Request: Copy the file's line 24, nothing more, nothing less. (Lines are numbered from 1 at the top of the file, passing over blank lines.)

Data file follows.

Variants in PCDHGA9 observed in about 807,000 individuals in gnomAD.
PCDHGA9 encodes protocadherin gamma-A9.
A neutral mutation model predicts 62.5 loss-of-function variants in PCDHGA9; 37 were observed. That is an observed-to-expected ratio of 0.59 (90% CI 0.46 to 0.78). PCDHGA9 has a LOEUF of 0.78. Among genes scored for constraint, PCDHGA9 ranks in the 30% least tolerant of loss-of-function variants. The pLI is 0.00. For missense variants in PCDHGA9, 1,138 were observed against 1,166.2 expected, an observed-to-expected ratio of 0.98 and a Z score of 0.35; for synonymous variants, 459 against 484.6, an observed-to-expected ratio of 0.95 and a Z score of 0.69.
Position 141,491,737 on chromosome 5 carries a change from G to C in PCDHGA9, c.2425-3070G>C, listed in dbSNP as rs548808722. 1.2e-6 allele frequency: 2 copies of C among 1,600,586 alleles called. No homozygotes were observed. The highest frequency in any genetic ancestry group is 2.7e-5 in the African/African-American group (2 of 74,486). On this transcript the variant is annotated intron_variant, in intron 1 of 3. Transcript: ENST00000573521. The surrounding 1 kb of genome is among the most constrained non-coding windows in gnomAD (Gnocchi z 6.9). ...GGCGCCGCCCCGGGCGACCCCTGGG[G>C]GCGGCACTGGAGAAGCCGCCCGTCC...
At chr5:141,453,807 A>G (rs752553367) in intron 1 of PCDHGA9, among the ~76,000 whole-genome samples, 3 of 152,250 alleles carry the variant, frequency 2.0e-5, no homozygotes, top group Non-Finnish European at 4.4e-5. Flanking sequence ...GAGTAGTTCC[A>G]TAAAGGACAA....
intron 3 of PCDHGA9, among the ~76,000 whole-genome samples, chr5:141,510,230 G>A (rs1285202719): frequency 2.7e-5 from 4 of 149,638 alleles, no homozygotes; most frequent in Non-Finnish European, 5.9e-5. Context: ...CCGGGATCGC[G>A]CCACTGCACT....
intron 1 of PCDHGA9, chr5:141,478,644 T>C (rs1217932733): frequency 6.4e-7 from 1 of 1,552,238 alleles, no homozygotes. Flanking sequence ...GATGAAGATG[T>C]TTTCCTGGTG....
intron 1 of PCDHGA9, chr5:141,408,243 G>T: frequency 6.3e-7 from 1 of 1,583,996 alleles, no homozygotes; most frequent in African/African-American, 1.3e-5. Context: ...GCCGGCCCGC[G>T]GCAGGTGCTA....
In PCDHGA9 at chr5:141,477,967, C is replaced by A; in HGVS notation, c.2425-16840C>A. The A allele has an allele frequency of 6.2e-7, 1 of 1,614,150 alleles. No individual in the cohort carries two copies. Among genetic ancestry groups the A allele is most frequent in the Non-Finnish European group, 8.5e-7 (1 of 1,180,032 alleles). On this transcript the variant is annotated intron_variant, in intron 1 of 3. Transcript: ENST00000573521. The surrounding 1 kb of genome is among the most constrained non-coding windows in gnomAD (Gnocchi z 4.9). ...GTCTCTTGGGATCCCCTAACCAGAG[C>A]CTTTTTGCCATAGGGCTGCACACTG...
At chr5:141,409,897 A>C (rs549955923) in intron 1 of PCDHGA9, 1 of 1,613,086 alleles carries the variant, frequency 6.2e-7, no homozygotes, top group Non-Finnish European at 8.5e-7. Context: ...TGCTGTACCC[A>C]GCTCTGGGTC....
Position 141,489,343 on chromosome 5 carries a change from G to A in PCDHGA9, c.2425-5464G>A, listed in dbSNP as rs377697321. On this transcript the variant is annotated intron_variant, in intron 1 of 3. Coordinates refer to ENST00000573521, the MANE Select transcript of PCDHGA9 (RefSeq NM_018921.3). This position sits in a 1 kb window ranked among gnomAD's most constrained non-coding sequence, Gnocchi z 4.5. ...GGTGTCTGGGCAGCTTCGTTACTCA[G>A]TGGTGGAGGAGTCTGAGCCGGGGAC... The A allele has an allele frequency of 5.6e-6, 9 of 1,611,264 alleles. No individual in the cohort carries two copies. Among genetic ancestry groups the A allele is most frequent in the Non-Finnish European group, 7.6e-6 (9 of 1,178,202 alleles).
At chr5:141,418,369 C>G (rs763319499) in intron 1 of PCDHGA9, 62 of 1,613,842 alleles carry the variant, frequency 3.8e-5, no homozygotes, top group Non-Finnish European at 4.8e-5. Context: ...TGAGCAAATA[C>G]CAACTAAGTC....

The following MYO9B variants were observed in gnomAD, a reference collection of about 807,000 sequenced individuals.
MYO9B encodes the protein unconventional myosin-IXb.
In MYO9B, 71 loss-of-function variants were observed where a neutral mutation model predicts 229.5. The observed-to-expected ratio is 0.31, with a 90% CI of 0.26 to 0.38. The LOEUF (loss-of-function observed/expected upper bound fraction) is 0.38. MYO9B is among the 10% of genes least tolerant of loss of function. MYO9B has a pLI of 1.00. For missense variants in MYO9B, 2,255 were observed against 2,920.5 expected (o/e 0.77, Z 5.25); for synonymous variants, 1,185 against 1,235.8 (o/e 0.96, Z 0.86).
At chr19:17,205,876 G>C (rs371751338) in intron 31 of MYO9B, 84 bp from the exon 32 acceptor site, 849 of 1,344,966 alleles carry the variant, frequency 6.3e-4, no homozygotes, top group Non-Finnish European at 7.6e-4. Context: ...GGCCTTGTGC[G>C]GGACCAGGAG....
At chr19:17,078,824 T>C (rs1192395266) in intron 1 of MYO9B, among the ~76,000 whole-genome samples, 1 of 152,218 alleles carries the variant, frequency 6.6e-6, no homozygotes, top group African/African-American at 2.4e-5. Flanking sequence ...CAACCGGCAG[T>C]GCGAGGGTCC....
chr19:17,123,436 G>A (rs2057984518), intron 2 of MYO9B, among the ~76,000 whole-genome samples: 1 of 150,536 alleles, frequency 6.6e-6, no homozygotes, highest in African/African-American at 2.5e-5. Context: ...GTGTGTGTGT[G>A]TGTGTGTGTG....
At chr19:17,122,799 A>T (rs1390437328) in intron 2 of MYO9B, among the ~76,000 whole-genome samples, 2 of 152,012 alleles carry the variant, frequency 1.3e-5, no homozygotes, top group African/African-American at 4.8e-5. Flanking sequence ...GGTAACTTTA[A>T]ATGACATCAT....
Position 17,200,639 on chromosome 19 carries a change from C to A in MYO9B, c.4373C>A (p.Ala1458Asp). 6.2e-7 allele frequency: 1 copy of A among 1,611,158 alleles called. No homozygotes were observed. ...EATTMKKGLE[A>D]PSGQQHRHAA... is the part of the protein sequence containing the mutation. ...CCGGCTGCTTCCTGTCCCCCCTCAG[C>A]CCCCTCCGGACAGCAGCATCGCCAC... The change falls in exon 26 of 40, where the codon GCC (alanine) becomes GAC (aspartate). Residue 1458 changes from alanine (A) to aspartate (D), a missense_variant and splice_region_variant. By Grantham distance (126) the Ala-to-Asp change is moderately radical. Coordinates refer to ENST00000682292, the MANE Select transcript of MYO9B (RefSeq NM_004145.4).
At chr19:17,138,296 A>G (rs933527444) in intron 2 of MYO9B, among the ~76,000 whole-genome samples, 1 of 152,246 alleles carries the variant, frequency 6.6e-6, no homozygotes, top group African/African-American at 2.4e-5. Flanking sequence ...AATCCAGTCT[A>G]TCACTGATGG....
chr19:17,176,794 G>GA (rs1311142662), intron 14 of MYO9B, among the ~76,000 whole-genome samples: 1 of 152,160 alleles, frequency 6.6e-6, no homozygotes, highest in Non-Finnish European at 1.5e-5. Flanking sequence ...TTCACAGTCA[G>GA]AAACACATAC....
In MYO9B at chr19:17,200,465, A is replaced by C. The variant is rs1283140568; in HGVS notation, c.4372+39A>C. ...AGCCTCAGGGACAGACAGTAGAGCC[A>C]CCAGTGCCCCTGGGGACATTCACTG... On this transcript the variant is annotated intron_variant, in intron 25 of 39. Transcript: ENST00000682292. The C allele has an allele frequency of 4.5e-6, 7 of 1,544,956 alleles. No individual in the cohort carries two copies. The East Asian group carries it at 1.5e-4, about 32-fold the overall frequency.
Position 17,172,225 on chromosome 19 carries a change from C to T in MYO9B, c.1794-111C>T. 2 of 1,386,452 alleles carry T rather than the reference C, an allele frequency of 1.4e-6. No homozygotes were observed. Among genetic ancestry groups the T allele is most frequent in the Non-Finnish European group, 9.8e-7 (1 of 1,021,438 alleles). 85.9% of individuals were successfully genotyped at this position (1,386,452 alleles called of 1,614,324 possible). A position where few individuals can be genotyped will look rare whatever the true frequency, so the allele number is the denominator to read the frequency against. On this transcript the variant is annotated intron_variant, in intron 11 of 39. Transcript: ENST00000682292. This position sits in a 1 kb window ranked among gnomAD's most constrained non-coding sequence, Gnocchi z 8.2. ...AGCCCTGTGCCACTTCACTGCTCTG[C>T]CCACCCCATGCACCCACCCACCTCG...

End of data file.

Position 17,172,225 on chromosome 19 carries a change from C to T in MYO9B, c.1794-111C>T. 2 of 1,386,452 alleles carry T rather than the reference C, an allele frequency of 1.4e-6. No homozygotes were observed. Among genetic ancestry groups the T allele is most frequent in the Non-Finnish European group, 9.8e-7 (1 of 1,021,438 alleles). 85.9% of individuals were successfully genotyped at this position (1,386,452 alleles called of 1,614,324 possible). A position where few individuals can be genotyped will look rare whatever the true frequency, so the allele number is the denominator to read the frequency against. On this transcript the variant is annotated intron_variant, in intron 11 of 39. Transcript: ENST00000682292. This position sits in a 1 kb window ranked among gnomAD's most constrained non-coding sequence, Gnocchi z 8.2. ...AGCCCTGTGCCACTTCACTGCTCTG[C>T]CCACCCCATGCACCCACCCACCTCG...